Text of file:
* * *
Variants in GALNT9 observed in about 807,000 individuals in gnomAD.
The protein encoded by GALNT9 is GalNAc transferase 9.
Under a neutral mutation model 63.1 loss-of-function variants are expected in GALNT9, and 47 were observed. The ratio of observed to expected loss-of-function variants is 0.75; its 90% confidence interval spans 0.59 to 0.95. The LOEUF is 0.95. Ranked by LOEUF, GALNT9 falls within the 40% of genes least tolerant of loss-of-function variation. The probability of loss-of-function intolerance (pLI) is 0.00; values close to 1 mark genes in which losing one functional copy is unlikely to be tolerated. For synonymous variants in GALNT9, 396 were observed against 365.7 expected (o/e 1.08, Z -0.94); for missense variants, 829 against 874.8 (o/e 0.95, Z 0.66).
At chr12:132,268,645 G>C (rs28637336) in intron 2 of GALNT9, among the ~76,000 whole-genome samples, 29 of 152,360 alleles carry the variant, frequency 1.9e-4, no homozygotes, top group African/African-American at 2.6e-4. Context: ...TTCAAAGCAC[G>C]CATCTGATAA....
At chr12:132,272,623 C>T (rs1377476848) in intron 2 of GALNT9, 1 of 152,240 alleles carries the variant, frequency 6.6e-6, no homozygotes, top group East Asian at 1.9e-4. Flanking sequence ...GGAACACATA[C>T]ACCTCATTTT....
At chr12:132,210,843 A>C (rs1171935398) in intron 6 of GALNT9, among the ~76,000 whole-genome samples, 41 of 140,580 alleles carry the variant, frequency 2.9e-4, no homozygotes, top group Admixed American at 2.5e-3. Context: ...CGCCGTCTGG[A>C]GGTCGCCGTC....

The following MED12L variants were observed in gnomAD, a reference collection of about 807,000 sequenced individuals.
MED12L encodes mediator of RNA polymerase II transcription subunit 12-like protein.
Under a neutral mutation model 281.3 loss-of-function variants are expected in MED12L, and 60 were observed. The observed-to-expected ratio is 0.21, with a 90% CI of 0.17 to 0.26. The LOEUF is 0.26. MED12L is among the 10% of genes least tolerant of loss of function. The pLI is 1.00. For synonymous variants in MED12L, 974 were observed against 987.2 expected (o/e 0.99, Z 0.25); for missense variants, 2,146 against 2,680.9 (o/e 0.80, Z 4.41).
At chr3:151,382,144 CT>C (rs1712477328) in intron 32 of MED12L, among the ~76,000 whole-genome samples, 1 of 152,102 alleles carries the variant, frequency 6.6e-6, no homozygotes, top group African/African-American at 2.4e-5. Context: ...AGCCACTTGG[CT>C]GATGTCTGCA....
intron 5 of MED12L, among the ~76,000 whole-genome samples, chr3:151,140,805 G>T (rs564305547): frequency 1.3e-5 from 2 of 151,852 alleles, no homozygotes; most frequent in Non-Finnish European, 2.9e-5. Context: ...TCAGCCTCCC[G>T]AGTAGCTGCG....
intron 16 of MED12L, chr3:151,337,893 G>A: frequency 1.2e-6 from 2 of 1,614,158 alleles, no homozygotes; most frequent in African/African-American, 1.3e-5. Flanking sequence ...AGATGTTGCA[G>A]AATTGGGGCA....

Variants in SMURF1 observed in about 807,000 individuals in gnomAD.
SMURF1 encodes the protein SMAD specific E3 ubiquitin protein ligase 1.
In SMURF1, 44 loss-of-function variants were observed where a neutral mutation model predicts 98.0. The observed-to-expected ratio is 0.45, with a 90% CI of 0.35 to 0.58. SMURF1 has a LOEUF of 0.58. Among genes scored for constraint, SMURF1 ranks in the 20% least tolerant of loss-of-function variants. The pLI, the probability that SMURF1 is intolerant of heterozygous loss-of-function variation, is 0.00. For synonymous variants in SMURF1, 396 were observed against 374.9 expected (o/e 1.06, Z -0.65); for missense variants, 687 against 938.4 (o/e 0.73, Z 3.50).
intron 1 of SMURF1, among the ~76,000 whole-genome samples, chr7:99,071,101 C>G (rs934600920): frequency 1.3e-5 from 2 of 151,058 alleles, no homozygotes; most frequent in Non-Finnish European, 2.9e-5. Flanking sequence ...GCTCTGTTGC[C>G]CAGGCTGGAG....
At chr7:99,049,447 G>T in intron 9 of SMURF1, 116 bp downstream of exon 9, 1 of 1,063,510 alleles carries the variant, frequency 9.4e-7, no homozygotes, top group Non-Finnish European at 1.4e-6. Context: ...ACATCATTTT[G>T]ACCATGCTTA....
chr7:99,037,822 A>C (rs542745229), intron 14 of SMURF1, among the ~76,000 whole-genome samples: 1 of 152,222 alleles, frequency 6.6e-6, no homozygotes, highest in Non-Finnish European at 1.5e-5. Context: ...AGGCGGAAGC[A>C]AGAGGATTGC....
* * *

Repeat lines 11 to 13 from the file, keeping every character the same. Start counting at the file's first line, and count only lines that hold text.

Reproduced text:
intron 5 of MED12L, among the ~76,000 whole-genome samples, chr3:151,140,805 G>T (rs564305547): frequency 1.3e-5 from 2 of 151,852 alleles, no homozygotes; most frequent in Non-Finnish European, 2.9e-5. Context: ...TCAGCCTCCC[G>T]AGTAGCTGCG....
intron 16 of MED12L, chr3:151,337,893 G>A: frequency 1.2e-6 from 2 of 1,614,158 alleles, no homozygotes; most frequent in African/African-American, 1.3e-5. Flanking sequence ...AGATGTTGCA[G>A]AATTGGGGCA....

Variants in SMURF1 observed in about 807,000 individuals in gnomAD.